Threats to our Ocean Fisheries



Threats to Our Ocean Fisheries
Most people are familiar with the problems of the blue whale, efforts to save endangered
sea turtles, and the many tragic tales of dolphins dying in tuna nets. Many people do not realize
the extreme danger that tuna and many other fish face. There is an alarming decline in fish
populations, and this poses a dangerous threat to life in the ocean. If fish decline, so does the
sea, into and unstable environment. Conservation measures, and public support for them are
badly needed.
For decades man has taken fish out of the sea, seeming to believe that there is an endless
supply, and that this supply cannot be destroyed. We take these fish out of the sea faster than
they can be replaced. According to National Marine Fisheries services, 90 fish species found off
the shores of the U. S. have been depleted. Many more are in danger off being killed off. Fish
and shell fish that are at danger include: cod, flounder, swordfish, bluefin tuna, blue marlin,
Atlantic lobster, red snapper, salmon and some species of shark. These are just a few and the
list gets longer every year.
The chief problem of the fish numbers being at an all-time low, is over fishing. Yet
another environmental problem caused by the human race. Modern, technologically-advanced
fishing fleets have the capacity to push most fish populations to the brink of extinction. Modern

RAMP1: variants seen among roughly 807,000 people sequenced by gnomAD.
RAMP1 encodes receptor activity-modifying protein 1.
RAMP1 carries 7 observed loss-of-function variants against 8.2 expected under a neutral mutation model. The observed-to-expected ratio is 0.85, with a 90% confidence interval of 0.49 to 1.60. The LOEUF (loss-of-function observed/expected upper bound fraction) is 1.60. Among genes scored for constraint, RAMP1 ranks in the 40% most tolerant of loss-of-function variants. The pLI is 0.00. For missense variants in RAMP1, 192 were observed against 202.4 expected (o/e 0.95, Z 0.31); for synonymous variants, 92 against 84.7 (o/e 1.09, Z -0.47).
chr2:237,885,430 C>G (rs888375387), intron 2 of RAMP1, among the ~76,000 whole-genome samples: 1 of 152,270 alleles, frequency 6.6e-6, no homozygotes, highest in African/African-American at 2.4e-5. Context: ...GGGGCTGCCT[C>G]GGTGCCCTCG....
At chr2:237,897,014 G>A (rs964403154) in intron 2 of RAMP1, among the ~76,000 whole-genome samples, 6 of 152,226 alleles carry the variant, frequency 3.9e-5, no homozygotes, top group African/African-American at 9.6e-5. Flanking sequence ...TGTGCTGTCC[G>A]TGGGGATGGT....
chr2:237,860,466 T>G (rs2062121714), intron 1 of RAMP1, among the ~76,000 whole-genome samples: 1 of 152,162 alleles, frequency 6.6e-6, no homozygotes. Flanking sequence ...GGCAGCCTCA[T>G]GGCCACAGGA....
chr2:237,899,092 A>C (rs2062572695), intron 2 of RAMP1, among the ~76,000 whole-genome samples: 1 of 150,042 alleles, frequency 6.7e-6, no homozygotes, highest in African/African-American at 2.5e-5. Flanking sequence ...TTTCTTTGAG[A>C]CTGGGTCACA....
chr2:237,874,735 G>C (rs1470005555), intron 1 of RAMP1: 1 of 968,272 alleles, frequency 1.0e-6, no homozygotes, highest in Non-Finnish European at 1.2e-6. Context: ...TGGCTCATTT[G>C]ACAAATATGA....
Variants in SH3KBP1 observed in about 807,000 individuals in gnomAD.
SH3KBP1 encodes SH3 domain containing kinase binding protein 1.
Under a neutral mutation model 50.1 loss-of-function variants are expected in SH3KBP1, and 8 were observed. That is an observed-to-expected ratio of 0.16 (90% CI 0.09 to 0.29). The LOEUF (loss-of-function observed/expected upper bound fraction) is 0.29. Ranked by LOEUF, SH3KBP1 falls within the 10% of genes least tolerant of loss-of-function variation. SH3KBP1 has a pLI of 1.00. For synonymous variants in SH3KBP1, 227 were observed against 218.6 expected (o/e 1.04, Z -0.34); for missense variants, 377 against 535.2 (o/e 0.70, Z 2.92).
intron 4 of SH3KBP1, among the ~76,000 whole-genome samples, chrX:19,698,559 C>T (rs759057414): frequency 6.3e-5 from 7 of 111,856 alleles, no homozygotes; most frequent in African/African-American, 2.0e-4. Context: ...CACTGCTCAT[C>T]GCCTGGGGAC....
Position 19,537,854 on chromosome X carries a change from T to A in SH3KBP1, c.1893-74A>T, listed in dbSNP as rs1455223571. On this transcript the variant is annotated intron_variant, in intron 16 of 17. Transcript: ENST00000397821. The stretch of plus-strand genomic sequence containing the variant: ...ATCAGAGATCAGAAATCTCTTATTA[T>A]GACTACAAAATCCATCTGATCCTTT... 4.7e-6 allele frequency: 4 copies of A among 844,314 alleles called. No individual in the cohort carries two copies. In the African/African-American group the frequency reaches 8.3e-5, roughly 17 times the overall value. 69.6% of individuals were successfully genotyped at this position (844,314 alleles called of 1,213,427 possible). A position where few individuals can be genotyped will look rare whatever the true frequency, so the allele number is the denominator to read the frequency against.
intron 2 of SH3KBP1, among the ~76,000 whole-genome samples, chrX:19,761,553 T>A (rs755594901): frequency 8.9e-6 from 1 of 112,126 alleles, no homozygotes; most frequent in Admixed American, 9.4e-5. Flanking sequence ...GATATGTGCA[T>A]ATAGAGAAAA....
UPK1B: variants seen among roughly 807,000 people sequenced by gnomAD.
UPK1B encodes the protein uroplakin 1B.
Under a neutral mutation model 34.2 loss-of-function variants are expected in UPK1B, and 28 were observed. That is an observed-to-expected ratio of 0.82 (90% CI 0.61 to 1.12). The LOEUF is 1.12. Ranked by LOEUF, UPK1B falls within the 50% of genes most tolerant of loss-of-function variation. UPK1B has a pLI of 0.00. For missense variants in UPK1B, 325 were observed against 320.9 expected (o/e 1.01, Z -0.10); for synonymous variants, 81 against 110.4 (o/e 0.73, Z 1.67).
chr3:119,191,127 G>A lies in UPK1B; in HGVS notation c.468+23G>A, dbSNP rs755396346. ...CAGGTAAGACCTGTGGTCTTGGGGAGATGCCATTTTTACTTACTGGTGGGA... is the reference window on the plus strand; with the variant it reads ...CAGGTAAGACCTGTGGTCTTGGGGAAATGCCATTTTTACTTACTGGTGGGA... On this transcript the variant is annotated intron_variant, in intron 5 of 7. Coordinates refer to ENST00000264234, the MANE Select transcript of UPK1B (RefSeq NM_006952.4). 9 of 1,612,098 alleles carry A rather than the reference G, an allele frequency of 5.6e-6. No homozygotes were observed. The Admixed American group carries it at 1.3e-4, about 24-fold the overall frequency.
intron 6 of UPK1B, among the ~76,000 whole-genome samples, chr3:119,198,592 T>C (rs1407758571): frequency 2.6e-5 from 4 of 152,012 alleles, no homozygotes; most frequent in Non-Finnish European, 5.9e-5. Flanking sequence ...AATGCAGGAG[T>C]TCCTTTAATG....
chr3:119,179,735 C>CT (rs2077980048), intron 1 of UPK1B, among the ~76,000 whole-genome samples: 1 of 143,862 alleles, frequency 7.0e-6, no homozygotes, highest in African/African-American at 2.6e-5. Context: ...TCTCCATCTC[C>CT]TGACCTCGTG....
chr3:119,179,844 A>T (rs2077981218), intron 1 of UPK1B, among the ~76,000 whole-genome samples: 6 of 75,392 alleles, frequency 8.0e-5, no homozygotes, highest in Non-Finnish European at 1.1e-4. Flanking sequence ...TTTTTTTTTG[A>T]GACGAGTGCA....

fishing fleets have large factory steam trawlers that can easily haul in net loads of up to 100 metric
tons of fish. These vessels can work fishing grounds for many months at a time.
Echo sounding has been useful to fisherman by locating and determining the species and
size of fish shoals. Airplanes and helicopters are even used to detect the surface fish. Some
species such as squid are attracted with strong lights and then sucked into the ship with powerful
vacuum pumps.
Because of these improved technologies more fish can be harvested, but about one-fourth of the
global catch, ( over 20 million tons of fish and other marine animals) are discarded yearly by
fisherman. Some of these fleets throw away more fish than they keep. This waste is a problem
in almost every fishery.
The threat of over fishing is increased be the threat of large-scale changes to marine
ecosystems. Most salt water fish spend most of their time near coastal areas, but the problem is
that these coastal waters are being assaulted by pollution and development. Without healthy,
functioning coastal systems, fish cannot grow or reproduce, they simply cannot and will not
survive.
There are a number of steps that can be taken in order to conserve our waters and the
fish in them. One big thing we can do is crack down on the companies and the people that are
harming the environment. We could have harsher punishments for those committing crimes
against our oceans, and the ocean wildlife. Another thing that could cut down on over fishing is to
fine companies that over fish a large amounts and use that money to put back into our waters.
If something is not done about the problems of over fishing and water pollution,
permanent changes will take place in the ocean food chain. The predator-prey relationships of
the ocean will cease to exist. These relationships, which took millions of years to evolve, will be
destroyed. The depleting fish populations will alter and damage the genetic and species diversity
of the ocean world. If we could understand the meaning of moderation, perhaps over fishing
would not be a problem that our environment would have to endure.




Bibliography:

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